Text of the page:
Engine House At Snailbeach Lead Mine
- HER Number (PRN): 17323
- Site Name : Engine House At Snailbeach Lead Mine
- Protected Status:
Grade: Ref No.: 1014866 Title: Snailbeach lead mine Type: Scheduled Monument
- Protected Status:
Grade: II Ref No.: 1366969 Title: ENGINE HOUSE AT NGR SJ 3743 0205 Type: Listed Building
- Civil Parish:
- Grid Reference: SJ 3744 0205
- Related Monuments:
- Brief Description: Scheduled Monument and Listed Building: A building of 1858 housing the Cornish engine used to pump water out of Snailbeach lead mine via Engine Shaft, part of one of the best surviving lead mining complexes in the country.
- Description: Engine house. Mid-C19. Roughly coursed limestone rubble with stone angle quoins, graded slate roof. Rectangular plan. 4 levels; west gable end has flat-headed openings with timber lintels to each floor, similar openings on other sides. Remains of boiler house to north and open shaft to east. Interior: King-post trusses survive to roof. <1>
To the west [of Engine Shaft] are the ruins of the three-storey pumping engine house. This building was erected in 1858 and housed a 61' Cornish engine which replaced an existing flatrod system of drainage. It is also Listed Grade II and is included in the scheduling. <2>
In 1997 archaeological analysis and survey of the New Engine House Shaft was carried out. The building housed the Cornish beam engine built in 1858 to pump the new shaft. The tall structure is 9.5m by 7.5m and nearly 15m tall, of rubblestone with large worked stone quoins and jambs. The original openings had flat timber lintels. The walls are very slightly battered so the top is narrower than the base. The east wall, at 2m thick, is almost twice the thickness of the other walls; this was the bob wall which the balance beam pivoted in it trunnion. Within the building are three stories and a basement, the latter having a doorway leading into a blocked tunnel. This pit possibly contained ancillary beam operated workings of the engine, though it is likely that operation such as the condenser were house in the pit outside. The ground floor was only solid in the western half of the building, with the eastern portion likely to have consisted of a timber catwalk between the machinery. The west gable wall has traces of a wide primary opening, the same width as the engine bed, suggesting the cylinder was installed once the engine house had been completed. Located in the middle of the floor is a square of solid stonework, made up of four blocks, which was the base for the cylinder. The two upper floors provided access for general maintenance of the moving parts of the steam engine.->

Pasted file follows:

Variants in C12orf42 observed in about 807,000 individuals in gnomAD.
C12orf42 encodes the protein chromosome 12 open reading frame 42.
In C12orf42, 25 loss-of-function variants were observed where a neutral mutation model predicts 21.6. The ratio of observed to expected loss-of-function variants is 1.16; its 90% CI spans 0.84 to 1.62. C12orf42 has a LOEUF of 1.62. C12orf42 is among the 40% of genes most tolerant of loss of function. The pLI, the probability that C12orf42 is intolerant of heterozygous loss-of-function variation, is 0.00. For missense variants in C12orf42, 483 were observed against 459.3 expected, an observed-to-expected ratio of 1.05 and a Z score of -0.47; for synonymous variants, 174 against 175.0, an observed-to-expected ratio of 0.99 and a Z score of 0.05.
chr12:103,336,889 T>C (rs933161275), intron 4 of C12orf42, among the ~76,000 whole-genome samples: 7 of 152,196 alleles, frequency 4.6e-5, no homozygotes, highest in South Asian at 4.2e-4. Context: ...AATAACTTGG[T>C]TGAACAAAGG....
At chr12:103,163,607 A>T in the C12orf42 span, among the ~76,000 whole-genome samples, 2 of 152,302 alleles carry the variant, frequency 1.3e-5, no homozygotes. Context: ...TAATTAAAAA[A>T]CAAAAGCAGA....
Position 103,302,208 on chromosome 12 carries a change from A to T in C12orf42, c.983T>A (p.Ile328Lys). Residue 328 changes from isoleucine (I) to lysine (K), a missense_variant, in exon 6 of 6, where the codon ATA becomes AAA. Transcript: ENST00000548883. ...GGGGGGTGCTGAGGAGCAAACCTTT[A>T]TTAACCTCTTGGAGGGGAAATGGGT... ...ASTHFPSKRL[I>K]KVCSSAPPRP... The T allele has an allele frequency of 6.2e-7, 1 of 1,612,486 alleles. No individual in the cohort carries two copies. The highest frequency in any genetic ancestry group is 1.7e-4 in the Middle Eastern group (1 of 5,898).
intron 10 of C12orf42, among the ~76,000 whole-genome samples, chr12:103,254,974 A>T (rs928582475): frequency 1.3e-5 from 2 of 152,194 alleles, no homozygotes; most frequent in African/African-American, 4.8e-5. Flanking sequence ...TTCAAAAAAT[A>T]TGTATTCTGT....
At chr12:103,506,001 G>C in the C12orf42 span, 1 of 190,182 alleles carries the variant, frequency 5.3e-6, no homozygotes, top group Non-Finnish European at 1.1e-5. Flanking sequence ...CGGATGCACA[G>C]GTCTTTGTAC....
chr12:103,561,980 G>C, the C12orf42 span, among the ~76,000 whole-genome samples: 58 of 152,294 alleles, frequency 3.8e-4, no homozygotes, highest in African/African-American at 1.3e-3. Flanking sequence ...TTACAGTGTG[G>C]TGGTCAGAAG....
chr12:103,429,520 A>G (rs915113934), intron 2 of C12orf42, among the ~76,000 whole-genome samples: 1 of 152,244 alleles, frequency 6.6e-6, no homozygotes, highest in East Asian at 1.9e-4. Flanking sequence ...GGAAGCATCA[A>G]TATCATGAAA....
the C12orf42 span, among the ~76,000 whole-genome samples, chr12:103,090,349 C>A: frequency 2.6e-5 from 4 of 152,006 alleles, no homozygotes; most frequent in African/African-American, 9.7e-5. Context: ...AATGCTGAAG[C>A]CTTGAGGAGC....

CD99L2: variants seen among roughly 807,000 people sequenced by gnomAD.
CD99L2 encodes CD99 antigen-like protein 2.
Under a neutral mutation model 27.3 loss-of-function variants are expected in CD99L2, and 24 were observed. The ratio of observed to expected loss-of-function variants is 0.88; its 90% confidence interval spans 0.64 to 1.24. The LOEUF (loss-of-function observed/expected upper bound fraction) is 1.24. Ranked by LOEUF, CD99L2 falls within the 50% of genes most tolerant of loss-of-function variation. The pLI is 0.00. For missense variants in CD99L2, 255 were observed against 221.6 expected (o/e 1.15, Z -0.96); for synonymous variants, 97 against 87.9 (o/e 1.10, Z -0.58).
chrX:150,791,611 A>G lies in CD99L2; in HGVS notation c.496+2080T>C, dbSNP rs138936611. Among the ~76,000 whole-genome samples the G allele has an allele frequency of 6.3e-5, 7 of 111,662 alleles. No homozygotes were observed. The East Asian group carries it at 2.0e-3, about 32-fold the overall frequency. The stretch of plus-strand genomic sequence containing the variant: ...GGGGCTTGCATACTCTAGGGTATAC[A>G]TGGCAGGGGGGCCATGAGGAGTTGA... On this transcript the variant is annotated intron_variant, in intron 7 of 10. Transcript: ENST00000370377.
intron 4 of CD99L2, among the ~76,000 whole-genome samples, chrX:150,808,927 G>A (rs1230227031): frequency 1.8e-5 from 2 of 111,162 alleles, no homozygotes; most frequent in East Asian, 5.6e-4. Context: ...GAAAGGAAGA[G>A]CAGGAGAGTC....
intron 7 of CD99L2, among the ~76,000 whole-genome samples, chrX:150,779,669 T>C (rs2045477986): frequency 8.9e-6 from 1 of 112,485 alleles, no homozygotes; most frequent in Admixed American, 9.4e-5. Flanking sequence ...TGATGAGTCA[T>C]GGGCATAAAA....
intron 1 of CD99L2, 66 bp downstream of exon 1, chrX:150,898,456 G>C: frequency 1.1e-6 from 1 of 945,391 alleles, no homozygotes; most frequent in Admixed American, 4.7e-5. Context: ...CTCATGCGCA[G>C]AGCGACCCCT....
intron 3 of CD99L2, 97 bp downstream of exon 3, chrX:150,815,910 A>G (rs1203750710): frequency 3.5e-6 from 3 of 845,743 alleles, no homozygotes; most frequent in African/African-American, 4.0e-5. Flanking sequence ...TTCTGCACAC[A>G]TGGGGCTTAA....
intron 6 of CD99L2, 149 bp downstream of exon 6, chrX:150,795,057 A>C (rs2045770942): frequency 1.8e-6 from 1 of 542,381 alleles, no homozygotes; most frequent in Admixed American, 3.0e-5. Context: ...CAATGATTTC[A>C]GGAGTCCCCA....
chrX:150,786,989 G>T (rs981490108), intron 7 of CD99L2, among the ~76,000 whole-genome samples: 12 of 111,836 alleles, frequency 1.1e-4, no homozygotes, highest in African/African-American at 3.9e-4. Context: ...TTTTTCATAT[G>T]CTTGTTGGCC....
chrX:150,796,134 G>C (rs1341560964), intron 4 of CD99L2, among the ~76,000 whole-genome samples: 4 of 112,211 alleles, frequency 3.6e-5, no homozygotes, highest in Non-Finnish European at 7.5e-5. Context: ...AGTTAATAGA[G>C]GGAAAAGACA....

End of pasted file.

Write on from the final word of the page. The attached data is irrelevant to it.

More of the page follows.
-> To the north the remains of a long rectangular structure 14.3m long by 7m wide, with a small attached north wing was identified as the boiler house serving the Cornish engine house. The walls which have largely been demolished, were of the same rubblestone. The south wall butts up against the contemporary engine house. It possibly contained a pair of 30 feet long egg-ended boilers mentioned in the 1884 inventory, stoked from the open east end, with a flue, evident as a square-headed opening, to the west leading to a stack. Such a stack is shown on plans to the west of the building, and it is likely that the buried footings of the stack still survive. In the north wall at ground level is a blocked low and narrow, semi-circular brick-head, and in the base of the brick pier butting against the Cornish engine house is a hint of corbelling possibly associated with a flue or boiler base. The north wing is a small structure 4.3m wide and projects 3.2m from the east end of the main block. There is no evidence of access between the two. It had a doorway in the east end of its north wall, and the brick paved floor still survives intact.
-> Pit to the south of the shaft, contained the balance bob attached to the main pumping rod of the Cornish engine to improve pumping efficiency. The bob was simply a large box filled with rubble and scrap, attached to the pivoting connecting beam, the other end of which was linked to the main pump rod hanging from the shaft end of the engine beam. The pit, 3.6m long by 3.2m wide, lies immediately to the south of the shaft head and consists of a roughly square enclosure cut into the hillside and reached through a narrow passage. All the walls are rubblestone revetments holding back the earth. <4>
1977 photographic survey and condition inspection of building. <6>
- Record Type: Building
(00) Card index: Shropshire County Council SMR. SMR Sheets Collection. SMR record sheets. SMR Sheet for PRN SA 17323. (01) List of Buildings: Department of the Environment (DoE). 1986-Nov-14. 9th List of Buildings of Special Architectural or Historic Interest. Vol 1760-0. List volume. p84. (02) Scheduled Monument notification: English Heritage. 1997. Scheduling Papers (New Scheduling, 20/03/1997). 21658. (03) Field survey report: Trueman M & Gill M C. 1990. Snailbeach Lead Mine Stage II Study - Archaeological Survey. Lancaster Univ Archaeol Unit Rep. Vol 2, p18-19. (04) Field survey report: Morriss Richard K. 1997. Snailbeach Lead Mine, Shropshire: an archaeological analysis & survey of the new engine shaft area. Mercian Heritage Series. 33. p25-35. (05) Deskbased survey report: Ove Arup and Partners Ltd et al. 1985. Snailbeach Lead Mine Study Stage I. Ove Arup and Partners Rep. Vol 1, p17-18. Vol 3, ap 5. (06) Site visit report: South Shropshire District Council. 1977. Dangerous buildings: old mine workings in White Gritt, Gravels, Tankerville and Snailbeach areas.
- Related Places:
- For more information contact: Shropshire Council HER
- Date Last Edited: 13/03/2017 11:21:45